The ethical problem with commissions
A line has recently been drawn in the sand with the release of the Trowbridge Report.
There are those who believe the existence of commissions categorises advisers as nothing more than salespeople and prevents us from being recognised as a profession. Then there are those that believe commissions are an essential component to prevent a worsening of Australia’s underinsurance problem and represent fair pay for fair work.
However, those that seem to support fee for service as the only way forward seem to hold their view zealously. Some go so far as to say that ethics and commissions cannot co-exist and that the very existence of commissions creates a conflict of interest.
Conflicts of interest occur in almost every decision in our waking lives. Personally, my biggest conflict of interest is how much time I let my children watch TV just so I can have 5 minutes more peace and quiet.
But when it comes to my clients, when somebody walks through my door the process is always the same: understand what it is they need and want, educating them, providing them with solutions to consider which meet those needs and wants, and then acting on their informed decisions.
My job is to help people; I do not sell products. What I “sell” is my time, my expertise and my integrity.
I will provide service to any client who seeks my help.
If I were to generalise fee for service proponents, I would say that they restrict their services to a small niche of high net worth individuals who can afford their fees or they only suit a client looking to include investment-based strategies, which subsidises the cost of the risk advice.
Their business model excludes many everyday Australians, which perpetuates the image that financial planning is not affordable nor accessible.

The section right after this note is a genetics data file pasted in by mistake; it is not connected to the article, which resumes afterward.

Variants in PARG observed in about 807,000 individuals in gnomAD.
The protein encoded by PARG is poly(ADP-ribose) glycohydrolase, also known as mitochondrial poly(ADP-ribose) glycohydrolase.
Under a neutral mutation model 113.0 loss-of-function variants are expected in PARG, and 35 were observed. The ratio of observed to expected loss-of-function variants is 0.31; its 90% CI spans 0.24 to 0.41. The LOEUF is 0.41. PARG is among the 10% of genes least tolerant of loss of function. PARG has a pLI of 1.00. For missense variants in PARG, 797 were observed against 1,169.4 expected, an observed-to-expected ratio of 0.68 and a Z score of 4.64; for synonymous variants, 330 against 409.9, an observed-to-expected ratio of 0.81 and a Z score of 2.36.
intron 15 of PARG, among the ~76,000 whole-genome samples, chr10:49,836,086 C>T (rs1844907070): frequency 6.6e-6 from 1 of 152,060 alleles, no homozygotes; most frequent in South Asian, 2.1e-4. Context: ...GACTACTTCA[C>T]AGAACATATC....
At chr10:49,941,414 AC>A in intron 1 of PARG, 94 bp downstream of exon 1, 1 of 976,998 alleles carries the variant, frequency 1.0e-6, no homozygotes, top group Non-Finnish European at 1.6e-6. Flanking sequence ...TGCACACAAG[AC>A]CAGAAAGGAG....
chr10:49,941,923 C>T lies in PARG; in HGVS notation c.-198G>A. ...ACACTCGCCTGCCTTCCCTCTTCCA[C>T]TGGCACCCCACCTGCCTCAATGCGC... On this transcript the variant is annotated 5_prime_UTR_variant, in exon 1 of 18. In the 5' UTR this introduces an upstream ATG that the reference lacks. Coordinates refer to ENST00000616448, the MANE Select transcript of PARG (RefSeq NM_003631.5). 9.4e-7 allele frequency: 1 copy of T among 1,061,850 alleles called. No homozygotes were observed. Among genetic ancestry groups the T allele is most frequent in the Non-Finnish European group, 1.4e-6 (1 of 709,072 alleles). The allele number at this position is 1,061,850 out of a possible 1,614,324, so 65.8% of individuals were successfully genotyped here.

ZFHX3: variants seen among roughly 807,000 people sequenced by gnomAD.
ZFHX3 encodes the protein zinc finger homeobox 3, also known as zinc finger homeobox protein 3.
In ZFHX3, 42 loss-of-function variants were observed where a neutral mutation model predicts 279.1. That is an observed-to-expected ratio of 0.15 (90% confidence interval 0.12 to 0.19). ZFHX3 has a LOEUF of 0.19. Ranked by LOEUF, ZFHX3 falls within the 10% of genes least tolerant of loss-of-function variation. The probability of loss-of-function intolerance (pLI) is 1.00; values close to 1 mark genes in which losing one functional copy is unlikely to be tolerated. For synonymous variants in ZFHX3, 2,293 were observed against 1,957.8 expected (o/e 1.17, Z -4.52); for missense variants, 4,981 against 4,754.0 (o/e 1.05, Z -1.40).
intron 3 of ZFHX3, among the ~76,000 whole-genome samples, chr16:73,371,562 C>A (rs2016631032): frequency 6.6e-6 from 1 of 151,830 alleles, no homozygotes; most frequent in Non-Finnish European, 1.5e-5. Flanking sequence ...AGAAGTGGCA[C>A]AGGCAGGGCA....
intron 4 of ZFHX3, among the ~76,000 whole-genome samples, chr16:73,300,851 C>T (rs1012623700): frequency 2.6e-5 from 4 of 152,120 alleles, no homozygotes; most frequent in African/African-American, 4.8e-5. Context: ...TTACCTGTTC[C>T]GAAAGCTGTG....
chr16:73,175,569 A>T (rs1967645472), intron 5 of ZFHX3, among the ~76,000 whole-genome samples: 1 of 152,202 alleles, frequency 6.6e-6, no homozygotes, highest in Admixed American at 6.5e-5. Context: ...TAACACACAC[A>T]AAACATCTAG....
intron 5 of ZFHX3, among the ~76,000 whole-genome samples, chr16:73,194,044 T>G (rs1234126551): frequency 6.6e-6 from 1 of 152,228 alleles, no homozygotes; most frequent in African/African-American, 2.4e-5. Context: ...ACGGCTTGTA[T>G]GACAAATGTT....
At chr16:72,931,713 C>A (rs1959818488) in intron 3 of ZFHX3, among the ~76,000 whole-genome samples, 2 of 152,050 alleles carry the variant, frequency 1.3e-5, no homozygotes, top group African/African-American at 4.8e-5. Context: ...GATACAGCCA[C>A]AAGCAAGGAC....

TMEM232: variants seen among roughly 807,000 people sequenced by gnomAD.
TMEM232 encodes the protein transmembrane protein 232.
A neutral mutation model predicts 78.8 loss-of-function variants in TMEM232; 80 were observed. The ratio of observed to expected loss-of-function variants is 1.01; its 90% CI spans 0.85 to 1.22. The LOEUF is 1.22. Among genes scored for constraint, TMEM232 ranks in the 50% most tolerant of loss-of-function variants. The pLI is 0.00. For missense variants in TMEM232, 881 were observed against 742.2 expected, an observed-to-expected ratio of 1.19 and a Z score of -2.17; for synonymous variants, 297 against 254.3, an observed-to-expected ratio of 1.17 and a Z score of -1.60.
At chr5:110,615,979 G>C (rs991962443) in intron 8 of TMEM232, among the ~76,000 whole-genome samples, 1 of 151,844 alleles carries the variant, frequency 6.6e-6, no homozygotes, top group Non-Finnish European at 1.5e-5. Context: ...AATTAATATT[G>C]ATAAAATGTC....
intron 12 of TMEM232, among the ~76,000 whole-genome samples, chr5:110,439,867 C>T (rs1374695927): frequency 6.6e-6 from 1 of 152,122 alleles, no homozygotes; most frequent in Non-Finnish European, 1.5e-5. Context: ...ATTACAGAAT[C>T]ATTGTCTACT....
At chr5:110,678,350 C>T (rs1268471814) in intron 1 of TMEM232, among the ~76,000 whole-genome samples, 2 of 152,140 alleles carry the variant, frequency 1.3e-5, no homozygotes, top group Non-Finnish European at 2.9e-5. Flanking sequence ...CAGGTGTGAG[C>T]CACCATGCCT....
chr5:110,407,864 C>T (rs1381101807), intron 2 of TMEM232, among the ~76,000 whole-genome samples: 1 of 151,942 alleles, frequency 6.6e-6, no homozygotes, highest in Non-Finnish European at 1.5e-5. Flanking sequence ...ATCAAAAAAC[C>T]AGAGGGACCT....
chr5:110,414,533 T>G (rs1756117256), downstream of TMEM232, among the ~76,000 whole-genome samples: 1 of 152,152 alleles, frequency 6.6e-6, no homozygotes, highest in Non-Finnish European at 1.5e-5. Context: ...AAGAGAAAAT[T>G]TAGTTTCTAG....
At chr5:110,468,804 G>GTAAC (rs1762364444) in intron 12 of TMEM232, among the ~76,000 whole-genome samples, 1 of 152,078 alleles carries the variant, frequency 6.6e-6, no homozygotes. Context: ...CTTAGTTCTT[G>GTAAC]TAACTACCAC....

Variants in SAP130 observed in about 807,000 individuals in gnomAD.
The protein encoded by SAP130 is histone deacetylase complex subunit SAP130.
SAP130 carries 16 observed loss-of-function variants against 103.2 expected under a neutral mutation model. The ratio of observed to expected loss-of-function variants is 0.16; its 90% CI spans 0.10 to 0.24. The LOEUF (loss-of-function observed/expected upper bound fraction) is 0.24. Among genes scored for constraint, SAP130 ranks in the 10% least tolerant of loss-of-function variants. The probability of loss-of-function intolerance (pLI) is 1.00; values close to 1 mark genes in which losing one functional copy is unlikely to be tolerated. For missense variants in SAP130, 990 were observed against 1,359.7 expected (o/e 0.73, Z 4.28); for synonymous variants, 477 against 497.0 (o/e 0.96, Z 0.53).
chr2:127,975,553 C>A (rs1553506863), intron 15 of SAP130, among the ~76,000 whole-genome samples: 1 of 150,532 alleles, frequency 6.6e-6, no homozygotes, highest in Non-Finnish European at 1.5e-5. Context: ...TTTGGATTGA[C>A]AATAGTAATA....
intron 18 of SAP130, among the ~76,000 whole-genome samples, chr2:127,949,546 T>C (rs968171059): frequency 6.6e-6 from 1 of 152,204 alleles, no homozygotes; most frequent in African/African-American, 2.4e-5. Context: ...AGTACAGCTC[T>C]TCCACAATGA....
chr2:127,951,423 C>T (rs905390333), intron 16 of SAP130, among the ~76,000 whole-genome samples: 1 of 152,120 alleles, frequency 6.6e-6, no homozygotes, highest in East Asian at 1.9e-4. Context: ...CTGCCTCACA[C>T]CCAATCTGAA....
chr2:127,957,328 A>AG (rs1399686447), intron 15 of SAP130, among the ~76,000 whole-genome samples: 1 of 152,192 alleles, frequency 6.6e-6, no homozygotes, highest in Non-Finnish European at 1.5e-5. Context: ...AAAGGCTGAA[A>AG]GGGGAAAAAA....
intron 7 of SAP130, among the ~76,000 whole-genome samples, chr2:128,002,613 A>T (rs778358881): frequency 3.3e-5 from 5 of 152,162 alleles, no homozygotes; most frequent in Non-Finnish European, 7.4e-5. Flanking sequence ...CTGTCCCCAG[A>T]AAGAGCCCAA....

I believe that choosing a commission-based model can be more honourable in doing the right thing by the client.
Yes, I can lower the premiums on a client’s policy by 25 per cent to 30 per cent for the life of the policy, but in order to cover my costs, I would need to charge a fee.
However, that fee would be more than the discount the client would receive. How would that place them in a better position? How is that putting the client first?
If I charge a fee and a client’s application is not successful, or the outcome is unacceptable to them, how would the client feel about paying for not receiving the outcome they desire when it is the only service they have engaged me to provide?.
By opting for a commission, my client can be confident that they do not pay a cent, unless they are happy with their cover and the offer made by the insurer.
To offer my services without guarantee of reward until my client is satisfied for is, for me, the mark of putting my clients' needs ahead of my own.
The general public recently baulked at the idea of having to potentially pay a GP a co-payment of $6 when they visited the doctor, despite the purpose of the funds being to support the research and advancements into treating diseases that presently destroy the lives of individuals and their families.
It was feared that patients would put off seeing their doctors and have worse health outcomes as a result.